For the second time in a week, I find myself reviewing a film previously screened at my hometown Indy Film Fest, the catchier and groovier name for the Indianapolis International Film Festival. This film, James Choi's award-winning indie feature Empty Space, tells the story of Tom, a young man whose excessive weight has resulted in a lifetime of bullying and deeply rooted insecurities that are seemingly insurmountable.
Tom, likably played by Chicago-based actor Merrick Robison, initially doesn't so much try to overcome these challenges as he simply tries to relocate them when he leaves the family homestead and moves in to his late grandmother's cabin in the small town of Protection, Illinois. Keeping mostly to himself,Tom takes a job at a local diner working for Lloyd (David McLauchlan), whose rather taunting style of supervision doesn't exactly break Tom's cycle of bullying and abuse. Tom does, however, find a bit of refuge with Gladys (Suzanne Johnson), Lloyd's occasional girlfriend and always employee who has difficulty fathoming exactly why Tom would settle down, emphasis on the word settle, in this podunk little town.
Content to live a mostly unnoticed existence, Tom's isolation is thrown a curve when he encounters Rebecca (Madysen Frances), a young girl who'd likely be better off homeless with a drunken father (Ryan David Heywood) who leaves her preferring the cold, snowy Illinois winter rather than life with him. Tom's attempts at isolation are further complicated by a chance encounter with Lilly (Elizabeth Stenholt), a young blind woman for whom he rather surprisingly intervenes when a local bully harasses her at the laundromat where she works. The two forge a relaxed, comfortable friendship that is frequently endearing yet which also challenges Tom to become more comfortable in his own skin and circumstances.
Empty Space captured the Audience Award for best feature at the Lighthouse International Film Festival, the latest award for Choi, whose first film as a producer, Made in China, took the Grand Jury Award for Best Narrative at SXSW in 2009 and was picked up by IFC Films for distribution. Continuing on its festival run, Empty Space recently screened at the 19th San Francisco Independent Film Festival and enjoyed a theatrical run in South Korea through cMovie.
Filmed on a modest $8,000 budget with a crew of three, Empty Space is the kind of film that one expects to find at an indie film festival with its intelligent, thoughtful story and performances that are devoid of the usual histrionics one expects to find in this type of film. Rather than go ultra-dramatic, Choi and screenwriters Paul Boring and Judith Krant have created a largely introspective, intimate drama that lingers even after the closing credits have rolled.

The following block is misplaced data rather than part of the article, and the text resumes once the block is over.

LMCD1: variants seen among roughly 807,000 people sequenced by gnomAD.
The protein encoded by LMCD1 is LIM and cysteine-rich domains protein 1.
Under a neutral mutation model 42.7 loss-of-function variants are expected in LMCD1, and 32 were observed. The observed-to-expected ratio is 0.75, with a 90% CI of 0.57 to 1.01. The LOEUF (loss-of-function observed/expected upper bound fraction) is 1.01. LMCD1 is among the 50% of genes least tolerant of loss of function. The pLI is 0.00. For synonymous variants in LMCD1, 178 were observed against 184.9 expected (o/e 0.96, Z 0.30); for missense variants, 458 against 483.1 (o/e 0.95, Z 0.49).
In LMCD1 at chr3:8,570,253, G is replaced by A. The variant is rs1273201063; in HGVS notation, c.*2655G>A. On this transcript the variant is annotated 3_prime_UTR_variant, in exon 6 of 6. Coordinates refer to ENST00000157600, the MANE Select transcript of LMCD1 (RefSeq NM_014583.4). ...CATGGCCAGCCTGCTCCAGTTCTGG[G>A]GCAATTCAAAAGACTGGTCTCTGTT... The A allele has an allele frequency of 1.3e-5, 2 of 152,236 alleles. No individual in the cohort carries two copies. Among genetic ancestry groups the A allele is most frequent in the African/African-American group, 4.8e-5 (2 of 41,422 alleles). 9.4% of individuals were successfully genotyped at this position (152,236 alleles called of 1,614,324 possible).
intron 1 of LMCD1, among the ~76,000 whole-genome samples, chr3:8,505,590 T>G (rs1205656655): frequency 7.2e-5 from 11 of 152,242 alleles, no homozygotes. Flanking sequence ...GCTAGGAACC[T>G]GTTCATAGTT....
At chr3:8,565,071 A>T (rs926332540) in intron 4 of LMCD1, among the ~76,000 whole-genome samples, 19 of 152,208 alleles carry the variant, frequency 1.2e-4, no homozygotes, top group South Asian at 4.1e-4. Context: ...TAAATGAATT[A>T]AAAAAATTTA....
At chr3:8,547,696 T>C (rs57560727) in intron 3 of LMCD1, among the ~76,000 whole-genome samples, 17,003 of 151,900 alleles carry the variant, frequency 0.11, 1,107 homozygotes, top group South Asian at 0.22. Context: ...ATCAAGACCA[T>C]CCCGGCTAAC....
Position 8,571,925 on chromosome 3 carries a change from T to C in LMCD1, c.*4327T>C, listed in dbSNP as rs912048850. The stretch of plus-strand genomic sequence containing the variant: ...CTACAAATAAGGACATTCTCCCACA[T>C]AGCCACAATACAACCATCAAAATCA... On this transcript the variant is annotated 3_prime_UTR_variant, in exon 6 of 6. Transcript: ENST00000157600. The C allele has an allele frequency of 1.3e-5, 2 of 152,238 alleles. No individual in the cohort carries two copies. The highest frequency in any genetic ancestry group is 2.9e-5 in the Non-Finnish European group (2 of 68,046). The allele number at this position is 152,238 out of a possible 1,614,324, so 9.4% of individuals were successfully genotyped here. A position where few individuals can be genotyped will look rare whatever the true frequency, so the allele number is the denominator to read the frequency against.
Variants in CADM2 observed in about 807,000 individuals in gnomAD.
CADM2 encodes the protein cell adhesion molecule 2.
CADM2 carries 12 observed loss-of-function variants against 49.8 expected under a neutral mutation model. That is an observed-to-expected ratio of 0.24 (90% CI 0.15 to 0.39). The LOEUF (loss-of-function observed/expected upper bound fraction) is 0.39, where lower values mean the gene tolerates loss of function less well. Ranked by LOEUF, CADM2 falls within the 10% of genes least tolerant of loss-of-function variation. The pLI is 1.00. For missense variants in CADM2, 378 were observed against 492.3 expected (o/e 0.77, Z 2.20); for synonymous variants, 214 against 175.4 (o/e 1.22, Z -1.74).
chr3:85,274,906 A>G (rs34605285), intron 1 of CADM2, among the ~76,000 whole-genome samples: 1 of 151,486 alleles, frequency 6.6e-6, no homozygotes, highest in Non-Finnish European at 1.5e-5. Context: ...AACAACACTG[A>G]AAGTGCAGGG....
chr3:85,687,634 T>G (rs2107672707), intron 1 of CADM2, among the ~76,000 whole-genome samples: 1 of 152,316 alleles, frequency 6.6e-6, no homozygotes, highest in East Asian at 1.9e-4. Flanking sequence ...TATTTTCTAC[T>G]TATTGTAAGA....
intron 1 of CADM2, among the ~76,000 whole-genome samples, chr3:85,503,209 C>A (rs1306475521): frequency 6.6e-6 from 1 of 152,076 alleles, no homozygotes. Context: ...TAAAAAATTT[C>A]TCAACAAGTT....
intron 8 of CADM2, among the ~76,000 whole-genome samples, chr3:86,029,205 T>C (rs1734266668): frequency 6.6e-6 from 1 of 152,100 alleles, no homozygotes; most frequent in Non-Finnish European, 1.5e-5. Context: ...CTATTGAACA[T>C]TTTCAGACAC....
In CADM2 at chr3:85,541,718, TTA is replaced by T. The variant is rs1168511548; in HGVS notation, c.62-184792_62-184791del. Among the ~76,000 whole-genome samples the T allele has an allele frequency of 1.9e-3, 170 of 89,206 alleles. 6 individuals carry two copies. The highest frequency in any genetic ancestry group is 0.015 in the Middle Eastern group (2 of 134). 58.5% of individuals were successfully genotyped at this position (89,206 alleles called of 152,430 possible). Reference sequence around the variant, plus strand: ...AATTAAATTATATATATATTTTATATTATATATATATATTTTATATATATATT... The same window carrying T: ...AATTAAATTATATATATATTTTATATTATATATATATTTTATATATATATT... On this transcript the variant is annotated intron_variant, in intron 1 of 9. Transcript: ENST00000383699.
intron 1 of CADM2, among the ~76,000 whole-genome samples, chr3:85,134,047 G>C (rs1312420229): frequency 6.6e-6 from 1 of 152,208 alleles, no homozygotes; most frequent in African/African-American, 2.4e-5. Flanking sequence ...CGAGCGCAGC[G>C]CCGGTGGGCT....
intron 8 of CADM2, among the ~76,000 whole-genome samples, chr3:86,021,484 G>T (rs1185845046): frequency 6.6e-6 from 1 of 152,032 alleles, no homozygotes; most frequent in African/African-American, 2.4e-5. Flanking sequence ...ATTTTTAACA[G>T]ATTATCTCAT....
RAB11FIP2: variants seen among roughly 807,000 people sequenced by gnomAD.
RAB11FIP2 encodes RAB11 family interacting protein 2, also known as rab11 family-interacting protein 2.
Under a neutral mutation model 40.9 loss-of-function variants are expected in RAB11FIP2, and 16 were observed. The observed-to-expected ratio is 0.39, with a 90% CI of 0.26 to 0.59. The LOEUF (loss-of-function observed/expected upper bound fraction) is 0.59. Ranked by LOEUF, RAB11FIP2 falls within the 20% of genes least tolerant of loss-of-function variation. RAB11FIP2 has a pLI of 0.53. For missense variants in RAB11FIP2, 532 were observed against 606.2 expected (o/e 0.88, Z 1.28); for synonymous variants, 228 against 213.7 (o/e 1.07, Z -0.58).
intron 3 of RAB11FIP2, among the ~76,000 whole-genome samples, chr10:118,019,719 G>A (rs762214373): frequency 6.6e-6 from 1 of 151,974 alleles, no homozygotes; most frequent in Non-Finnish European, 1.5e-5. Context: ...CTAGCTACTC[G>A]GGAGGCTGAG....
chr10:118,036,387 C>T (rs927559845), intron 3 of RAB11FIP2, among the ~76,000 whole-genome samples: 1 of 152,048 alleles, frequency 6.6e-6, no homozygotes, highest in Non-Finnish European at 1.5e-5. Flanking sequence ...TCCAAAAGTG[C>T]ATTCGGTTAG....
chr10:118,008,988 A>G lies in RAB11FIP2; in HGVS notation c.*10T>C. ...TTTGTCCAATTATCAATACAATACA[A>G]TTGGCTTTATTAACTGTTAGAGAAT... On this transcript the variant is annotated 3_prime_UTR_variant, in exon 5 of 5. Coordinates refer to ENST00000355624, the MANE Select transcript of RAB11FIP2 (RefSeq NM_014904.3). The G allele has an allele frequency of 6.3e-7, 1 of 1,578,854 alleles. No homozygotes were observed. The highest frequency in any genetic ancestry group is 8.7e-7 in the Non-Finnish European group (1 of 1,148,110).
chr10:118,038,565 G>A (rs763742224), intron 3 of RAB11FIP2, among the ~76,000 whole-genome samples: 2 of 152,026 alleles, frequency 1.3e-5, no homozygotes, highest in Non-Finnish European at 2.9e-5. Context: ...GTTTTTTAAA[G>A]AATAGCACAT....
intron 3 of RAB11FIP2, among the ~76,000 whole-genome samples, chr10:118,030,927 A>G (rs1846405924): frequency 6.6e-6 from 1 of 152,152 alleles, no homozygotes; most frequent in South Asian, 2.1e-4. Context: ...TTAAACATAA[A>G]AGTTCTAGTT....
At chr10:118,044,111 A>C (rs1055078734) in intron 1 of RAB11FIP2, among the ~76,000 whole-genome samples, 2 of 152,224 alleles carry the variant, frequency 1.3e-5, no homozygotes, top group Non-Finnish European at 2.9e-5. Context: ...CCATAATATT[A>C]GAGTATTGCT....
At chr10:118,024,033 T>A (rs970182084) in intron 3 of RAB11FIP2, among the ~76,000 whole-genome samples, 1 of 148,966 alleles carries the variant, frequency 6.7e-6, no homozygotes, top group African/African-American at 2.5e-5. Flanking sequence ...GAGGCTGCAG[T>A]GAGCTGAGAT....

As Tom, Merrick Robison is given the most screen time yet doesn't necessarily cover a wide territory in terms of actual character development. He grows throughout the course of the film, but it's in quieter ways that you can watch Robison bring to life through his body language more than his bravado. I will confess there were a couple of times that Robison reminded me of one of my favorite teen/young adult performances, that of Charlie Talbert in the criminally underrated Angus.
It's massively to the credit of Choi that I found myself involved in and appreciating Empty Space despite the film's triggering one of the things that bothers me most in contemporary cinema - the use of non-disabled actors to portray disabled characters. In most cases, but certainly not all, any number of disabled actors could portray the character and that's certainly true in this case. Not to take away from Elizabeth Stenholt, who does a fine job here and embodies Lilly with strength and intelligence and vulnerability, but throwing shades on a character does not a blind character make.
As Rebecca, Madysen Frances gives the film's most complete and winning performance in a role that could have gone wildly wrong yet instead is near perfection. It's a gem of a performance and I look forward to watching out for more of Frances's work in the future.
Empty Space starts off a tad slowly before picking up an emotional resonance that turns it into an intelligent and meaningful film with compelling characters and a story that draws you in and helps you to enjoy spending time with these characters. It's the kind of film that reminds you why you love indie cinema in the first place, a more satisfying experience than a good majority of wide release motion pictures and a surefire sign of a talented filmmaker who accomplishes quite a bit with very little.
© Written by Richard Propes
The Independent Critic